Pushing the Future into the Future

By Kennedy Maize

Washington, March 22. 2010 — Remember all that hype about a nuclear renaissance? Push it all a couple of years into the future, as the economy has caused growth in demand for electricity to slow considerably, making the need for new baseload capacity less pressing.

In a wire service interview, Marvin Fertel, CEO of the Nuclear Energy Institute, the Washington-based lobbying group for the nukes, said he figures new nuclear plant completion dates are probably two or three years later than forecast. “The recession has decreased demand of electricity everywhere,” he said. New plant predicted to come on line in 2017 or 2018 are now probably “2020 projects.”

But that doesn’t mean a decline in the need for baseload generation, as predicted by Federal Energy Regulatory Commission chief John Wellinghoff. He told an energy meeting last year that new coal or nuclear baseload may not be needed “ever”.  That assertion drew derision from many electric industry analysts.

Outgoing Nuclear Regulatory Commission member Dale Klein, former NRC chairman during the George W. Bush administration, told the NEI recently that Wellinghoff “must have a database that’s much different than mine. I think we will have a need for baseload electrical generation for a long, long time. And the facts are the facts. There is no alternative in the near term for anything other than baseload, because for some reason people want electricity at night. They like to keep lights available, and their homes heated if they have electric heat. So I think baseload electrical generation from everything that I’ve studied, and I’ve spent my career in the energy business since the mid-70s, I don’t know how we can have an electrical generation system without baseload.”
Also looking into the future, Australia, a major uranium producer (the Ranger mine is the largest in the world), is looking for big developments in natural gas. Australia in rich in natural resources, including gold, coal, iron ore, and natural gas. That’s how Aussies came to be know colloquially as “Diggers.”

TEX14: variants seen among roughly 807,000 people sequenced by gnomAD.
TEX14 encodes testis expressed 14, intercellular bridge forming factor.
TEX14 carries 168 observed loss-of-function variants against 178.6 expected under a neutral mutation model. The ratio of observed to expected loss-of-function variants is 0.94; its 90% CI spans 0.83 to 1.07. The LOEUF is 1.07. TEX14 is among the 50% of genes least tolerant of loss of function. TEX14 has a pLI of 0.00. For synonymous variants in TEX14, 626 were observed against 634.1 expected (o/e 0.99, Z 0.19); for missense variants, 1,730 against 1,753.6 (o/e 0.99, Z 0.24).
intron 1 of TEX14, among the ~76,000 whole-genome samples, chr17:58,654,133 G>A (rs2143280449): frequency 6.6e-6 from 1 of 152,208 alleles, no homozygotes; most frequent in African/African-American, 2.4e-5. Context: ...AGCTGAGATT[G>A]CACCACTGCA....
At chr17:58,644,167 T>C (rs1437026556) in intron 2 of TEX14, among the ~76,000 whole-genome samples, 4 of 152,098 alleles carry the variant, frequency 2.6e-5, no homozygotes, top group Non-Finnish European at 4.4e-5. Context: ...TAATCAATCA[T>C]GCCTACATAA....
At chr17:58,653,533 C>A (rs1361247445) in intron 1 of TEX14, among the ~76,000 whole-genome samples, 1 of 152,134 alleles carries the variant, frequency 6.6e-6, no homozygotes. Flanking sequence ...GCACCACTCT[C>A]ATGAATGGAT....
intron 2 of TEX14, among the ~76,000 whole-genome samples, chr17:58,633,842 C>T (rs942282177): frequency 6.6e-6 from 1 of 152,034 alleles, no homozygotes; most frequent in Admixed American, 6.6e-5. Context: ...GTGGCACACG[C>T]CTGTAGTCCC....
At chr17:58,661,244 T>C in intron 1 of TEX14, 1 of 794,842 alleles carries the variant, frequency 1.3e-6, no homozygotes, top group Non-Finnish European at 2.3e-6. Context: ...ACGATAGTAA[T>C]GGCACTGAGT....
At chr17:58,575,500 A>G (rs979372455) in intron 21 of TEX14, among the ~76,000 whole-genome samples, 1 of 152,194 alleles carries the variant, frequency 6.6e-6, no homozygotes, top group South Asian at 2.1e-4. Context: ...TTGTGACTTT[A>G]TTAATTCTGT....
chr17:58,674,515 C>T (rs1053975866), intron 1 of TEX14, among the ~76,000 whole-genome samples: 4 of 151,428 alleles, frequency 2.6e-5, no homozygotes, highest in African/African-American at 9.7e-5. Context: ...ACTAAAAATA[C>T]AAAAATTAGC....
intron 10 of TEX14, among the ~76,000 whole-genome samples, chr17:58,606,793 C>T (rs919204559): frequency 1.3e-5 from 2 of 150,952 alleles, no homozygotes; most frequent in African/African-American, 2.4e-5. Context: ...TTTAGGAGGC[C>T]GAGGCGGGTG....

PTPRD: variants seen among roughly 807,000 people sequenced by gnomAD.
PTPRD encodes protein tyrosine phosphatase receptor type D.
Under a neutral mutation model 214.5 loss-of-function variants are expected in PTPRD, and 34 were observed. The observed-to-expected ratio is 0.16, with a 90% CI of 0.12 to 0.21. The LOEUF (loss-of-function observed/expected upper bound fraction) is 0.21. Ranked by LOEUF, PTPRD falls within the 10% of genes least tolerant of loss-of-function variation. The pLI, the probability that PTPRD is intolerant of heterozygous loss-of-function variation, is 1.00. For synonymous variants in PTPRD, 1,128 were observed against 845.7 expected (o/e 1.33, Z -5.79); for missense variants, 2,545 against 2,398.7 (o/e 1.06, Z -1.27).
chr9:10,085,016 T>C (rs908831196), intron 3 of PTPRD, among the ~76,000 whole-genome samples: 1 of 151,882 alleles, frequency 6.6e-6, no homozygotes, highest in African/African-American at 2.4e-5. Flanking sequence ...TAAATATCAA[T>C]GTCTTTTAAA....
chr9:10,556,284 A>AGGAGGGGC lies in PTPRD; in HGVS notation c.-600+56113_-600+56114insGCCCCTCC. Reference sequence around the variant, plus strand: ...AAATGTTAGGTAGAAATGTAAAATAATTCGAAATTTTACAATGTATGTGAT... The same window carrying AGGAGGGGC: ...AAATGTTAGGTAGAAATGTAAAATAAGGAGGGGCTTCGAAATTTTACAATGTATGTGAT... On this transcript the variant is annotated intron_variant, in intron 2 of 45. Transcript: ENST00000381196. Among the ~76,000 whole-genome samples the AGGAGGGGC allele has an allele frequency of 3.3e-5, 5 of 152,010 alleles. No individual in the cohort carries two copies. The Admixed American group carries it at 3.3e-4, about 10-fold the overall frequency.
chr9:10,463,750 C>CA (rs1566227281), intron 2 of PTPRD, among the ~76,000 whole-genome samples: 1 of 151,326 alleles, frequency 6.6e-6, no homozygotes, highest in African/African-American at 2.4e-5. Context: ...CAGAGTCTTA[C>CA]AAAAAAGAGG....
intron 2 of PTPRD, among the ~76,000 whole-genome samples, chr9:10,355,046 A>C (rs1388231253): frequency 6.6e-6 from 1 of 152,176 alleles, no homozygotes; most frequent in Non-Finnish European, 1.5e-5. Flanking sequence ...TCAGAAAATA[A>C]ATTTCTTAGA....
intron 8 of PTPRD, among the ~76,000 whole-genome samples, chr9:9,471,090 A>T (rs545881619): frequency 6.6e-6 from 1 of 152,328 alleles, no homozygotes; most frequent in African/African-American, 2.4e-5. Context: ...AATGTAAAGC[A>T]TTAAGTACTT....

Now, in the state of Western Australia, which includes the vast deserts of the Kimberly region, gas appears to be ascending the minerals throne. The key is the $37 billion Gorgon project, which Chevron is developing some 130 KM off the northwest coast of the Australian frontier state. The project aims to exploit enormous gas resources in order to ship liquefied natural gas to burgeoning economies in Asia, including Japan, China and India.
In late January, Chevron Australia announced it has signed a major contract (300,000 tonnes per year over 15 years) to supply Gorgon LNG to Japan’s Kyushu Electric Power Co. The first deliveries are estimated for 2014. Earlier, Chevron and Nippon Oil Corp. signed a similar deal for 300,000 tons over 15 years of LNG for delivery to Japan.
Australia is already a significant LNG producer, but some estimates reckon that the Gorgon project could quadruple LNG exports. Chevron says of Gorgon, “It is one of the world’s largest natural gas projects and the largest single resource natural gas project in Australia’s history.” Chevron’s joint venture partners in Gorgon are ExxonMobil and Royal Dutch Shell.
Chevron says it will center the Gorgon project on Barrow Island, which has long been the company’s premier site for oil production. The company notes, “Although rated as one of the most important wildlife refuges in the world, Barrow Island’s ecology remains essentially intact.”